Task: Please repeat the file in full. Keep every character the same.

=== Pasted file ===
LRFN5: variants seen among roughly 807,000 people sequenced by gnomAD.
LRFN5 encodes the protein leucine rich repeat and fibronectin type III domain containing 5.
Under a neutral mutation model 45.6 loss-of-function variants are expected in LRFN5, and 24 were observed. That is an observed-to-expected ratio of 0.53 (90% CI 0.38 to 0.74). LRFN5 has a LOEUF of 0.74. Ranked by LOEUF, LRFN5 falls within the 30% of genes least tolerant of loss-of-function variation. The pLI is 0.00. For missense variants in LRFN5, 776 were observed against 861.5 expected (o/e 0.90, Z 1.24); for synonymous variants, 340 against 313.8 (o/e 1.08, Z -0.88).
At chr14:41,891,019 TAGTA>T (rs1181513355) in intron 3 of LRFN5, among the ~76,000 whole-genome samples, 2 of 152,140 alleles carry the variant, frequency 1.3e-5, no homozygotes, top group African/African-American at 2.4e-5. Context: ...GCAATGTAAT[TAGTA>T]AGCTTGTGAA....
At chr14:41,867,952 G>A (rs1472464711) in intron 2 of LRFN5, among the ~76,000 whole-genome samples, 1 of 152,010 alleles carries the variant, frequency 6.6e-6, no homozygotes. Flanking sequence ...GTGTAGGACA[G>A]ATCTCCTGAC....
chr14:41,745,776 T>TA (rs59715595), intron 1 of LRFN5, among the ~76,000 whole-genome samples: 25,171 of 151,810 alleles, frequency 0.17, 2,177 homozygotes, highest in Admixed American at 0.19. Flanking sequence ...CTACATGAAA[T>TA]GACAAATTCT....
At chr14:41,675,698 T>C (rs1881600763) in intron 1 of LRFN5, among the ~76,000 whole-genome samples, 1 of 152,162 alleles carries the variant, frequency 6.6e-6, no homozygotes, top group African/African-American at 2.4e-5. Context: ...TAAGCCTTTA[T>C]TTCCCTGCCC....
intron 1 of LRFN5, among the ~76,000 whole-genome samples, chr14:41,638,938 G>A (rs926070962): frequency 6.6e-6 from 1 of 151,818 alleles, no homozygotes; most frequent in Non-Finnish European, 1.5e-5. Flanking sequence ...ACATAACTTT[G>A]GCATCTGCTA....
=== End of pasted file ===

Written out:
LRFN5: variants seen among roughly 807,000 people sequenced by gnomAD.
LRFN5 encodes the protein leucine rich repeat and fibronectin type III domain containing 5.
Under a neutral mutation model 45.6 loss-of-function variants are expected in LRFN5, and 24 were observed. That is an observed-to-expected ratio of 0.53 (90% CI 0.38 to 0.74). LRFN5 has a LOEUF of 0.74. Ranked by LOEUF, LRFN5 falls within the 30% of genes least tolerant of loss-of-function variation. The pLI is 0.00. For missense variants in LRFN5, 776 were observed against 861.5 expected (o/e 0.90, Z 1.24); for synonymous variants, 340 against 313.8 (o/e 1.08, Z -0.88).
At chr14:41,891,019 TAGTA>T (rs1181513355) in intron 3 of LRFN5, among the ~76,000 whole-genome samples, 2 of 152,140 alleles carry the variant, frequency 1.3e-5, no homozygotes, top group African/African-American at 2.4e-5. Context: ...GCAATGTAAT[TAGTA>T]AGCTTGTGAA....
At chr14:41,867,952 G>A (rs1472464711) in intron 2 of LRFN5, among the ~76,000 whole-genome samples, 1 of 152,010 alleles carries the variant, frequency 6.6e-6, no homozygotes. Flanking sequence ...GTGTAGGACA[G>A]ATCTCCTGAC....
chr14:41,745,776 T>TA (rs59715595), intron 1 of LRFN5, among the ~76,000 whole-genome samples: 25,171 of 151,810 alleles, frequency 0.17, 2,177 homozygotes, highest in Admixed American at 0.19. Flanking sequence ...CTACATGAAA[T>TA]GACAAATTCT....
At chr14:41,675,698 T>C (rs1881600763) in intron 1 of LRFN5, among the ~76,000 whole-genome samples, 1 of 152,162 alleles carries the variant, frequency 6.6e-6, no homozygotes, top group African/African-American at 2.4e-5. Context: ...TAAGCCTTTA[T>C]TTCCCTGCCC....
intron 1 of LRFN5, among the ~76,000 whole-genome samples, chr14:41,638,938 G>A (rs926070962): frequency 6.6e-6 from 1 of 151,818 alleles, no homozygotes; most frequent in Non-Finnish European, 1.5e-5. Flanking sequence ...ACATAACTTT[G>A]GCATCTGCTA....